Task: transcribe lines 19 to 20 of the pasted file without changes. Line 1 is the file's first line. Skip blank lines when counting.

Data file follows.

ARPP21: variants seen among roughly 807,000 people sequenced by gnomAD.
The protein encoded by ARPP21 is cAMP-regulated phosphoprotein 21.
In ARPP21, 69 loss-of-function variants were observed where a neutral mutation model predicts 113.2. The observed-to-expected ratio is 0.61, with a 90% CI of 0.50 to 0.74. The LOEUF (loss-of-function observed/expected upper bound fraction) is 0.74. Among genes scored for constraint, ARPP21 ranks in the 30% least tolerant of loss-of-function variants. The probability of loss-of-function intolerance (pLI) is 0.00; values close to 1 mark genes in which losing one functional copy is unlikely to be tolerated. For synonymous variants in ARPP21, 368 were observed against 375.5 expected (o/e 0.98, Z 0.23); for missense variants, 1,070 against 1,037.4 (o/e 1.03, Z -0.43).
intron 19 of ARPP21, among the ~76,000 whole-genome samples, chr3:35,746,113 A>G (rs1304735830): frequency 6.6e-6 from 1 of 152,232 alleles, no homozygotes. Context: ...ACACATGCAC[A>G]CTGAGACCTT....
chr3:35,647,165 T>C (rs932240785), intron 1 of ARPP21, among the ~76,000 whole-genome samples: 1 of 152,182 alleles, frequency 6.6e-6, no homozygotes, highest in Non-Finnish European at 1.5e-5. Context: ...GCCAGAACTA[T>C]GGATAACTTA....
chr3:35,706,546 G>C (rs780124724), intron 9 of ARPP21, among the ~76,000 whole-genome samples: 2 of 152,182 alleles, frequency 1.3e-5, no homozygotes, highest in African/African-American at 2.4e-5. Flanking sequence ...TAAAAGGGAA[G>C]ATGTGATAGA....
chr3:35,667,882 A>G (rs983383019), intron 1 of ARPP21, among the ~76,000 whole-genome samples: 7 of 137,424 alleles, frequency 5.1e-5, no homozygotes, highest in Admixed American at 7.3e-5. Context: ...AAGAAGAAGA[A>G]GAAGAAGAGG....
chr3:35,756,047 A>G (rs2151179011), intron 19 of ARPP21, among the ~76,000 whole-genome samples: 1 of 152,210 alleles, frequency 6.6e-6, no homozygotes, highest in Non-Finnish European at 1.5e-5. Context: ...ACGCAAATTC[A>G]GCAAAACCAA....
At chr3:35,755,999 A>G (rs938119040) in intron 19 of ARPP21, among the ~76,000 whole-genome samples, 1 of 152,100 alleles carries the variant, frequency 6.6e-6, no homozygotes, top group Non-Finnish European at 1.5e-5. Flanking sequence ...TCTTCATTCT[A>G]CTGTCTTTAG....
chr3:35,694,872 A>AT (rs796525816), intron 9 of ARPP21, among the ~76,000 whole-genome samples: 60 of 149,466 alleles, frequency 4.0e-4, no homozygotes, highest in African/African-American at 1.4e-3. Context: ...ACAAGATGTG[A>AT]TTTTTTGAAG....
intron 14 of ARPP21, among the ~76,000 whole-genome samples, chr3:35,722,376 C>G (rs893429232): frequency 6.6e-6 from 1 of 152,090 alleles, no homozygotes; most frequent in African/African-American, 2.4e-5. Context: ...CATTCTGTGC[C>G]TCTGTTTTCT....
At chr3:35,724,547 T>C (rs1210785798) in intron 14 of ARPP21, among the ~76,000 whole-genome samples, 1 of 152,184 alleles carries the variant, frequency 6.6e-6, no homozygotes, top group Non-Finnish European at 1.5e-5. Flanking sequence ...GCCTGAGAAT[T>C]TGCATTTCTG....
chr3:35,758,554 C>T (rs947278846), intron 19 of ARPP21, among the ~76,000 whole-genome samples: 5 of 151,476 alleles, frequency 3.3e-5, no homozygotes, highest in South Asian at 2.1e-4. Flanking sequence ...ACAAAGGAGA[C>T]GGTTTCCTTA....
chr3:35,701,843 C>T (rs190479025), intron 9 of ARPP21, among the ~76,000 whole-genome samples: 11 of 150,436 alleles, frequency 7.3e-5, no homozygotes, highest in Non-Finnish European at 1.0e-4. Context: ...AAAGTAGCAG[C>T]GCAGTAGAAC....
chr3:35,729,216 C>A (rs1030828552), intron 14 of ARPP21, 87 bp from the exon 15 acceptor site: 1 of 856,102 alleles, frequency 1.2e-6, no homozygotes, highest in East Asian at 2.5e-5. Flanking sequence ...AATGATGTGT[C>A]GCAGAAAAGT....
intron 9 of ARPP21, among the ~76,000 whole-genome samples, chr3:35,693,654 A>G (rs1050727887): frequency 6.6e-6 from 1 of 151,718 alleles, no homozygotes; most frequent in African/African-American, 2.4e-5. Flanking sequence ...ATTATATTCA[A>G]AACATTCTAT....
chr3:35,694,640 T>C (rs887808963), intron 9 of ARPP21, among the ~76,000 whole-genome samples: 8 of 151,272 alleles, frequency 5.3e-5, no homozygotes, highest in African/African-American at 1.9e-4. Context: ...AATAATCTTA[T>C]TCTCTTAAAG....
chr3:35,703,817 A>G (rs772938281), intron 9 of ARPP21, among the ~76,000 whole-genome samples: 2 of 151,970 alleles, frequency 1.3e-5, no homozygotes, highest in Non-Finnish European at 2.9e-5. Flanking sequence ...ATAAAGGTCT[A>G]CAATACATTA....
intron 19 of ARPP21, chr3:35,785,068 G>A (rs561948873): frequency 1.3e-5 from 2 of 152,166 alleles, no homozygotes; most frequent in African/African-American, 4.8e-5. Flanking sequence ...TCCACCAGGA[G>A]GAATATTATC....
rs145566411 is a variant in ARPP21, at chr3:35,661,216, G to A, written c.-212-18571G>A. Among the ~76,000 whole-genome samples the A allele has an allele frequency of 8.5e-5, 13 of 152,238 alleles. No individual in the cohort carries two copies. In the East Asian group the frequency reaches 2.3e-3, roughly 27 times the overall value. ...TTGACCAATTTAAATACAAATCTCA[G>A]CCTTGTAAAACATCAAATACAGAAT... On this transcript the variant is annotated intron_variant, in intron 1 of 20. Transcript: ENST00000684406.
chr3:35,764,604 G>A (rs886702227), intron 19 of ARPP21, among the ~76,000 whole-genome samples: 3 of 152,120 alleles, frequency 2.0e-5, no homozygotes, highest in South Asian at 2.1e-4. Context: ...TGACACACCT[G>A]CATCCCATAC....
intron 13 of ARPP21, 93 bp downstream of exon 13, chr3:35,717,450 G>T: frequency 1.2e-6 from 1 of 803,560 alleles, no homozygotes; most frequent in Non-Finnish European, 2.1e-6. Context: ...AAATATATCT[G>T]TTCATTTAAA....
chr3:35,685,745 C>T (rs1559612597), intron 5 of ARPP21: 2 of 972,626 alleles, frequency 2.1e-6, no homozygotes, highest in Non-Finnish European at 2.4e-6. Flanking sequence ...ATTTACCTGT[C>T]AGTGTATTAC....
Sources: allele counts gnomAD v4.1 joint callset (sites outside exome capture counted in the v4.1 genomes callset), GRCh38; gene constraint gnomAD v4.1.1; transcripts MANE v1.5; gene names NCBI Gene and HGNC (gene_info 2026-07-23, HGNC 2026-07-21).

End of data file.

intron 19 of ARPP21, chr3:35,785,068 G>A (rs561948873): frequency 1.3e-5 from 2 of 152,166 alleles, no homozygotes; most frequent in African/African-American, 4.8e-5. Flanking sequence ...TCCACCAGGA[G>A]GAATATTATC....
rs145566411 is a variant in ARPP21, at chr3:35,661,216, G to A, written c.-212-18571G>A. Among the ~76,000 whole-genome samples the A allele has an allele frequency of 8.5e-5, 13 of 152,238 alleles. No individual in the cohort carries two copies. In the East Asian group the frequency reaches 2.3e-3, roughly 27 times the overall value. ...TTGACCAATTTAAATACAAATCTCA[G>A]CCTTGTAAAACATCAAATACAGAAT... On this transcript the variant is annotated intron_variant, in intron 1 of 20. Transcript: ENST00000684406.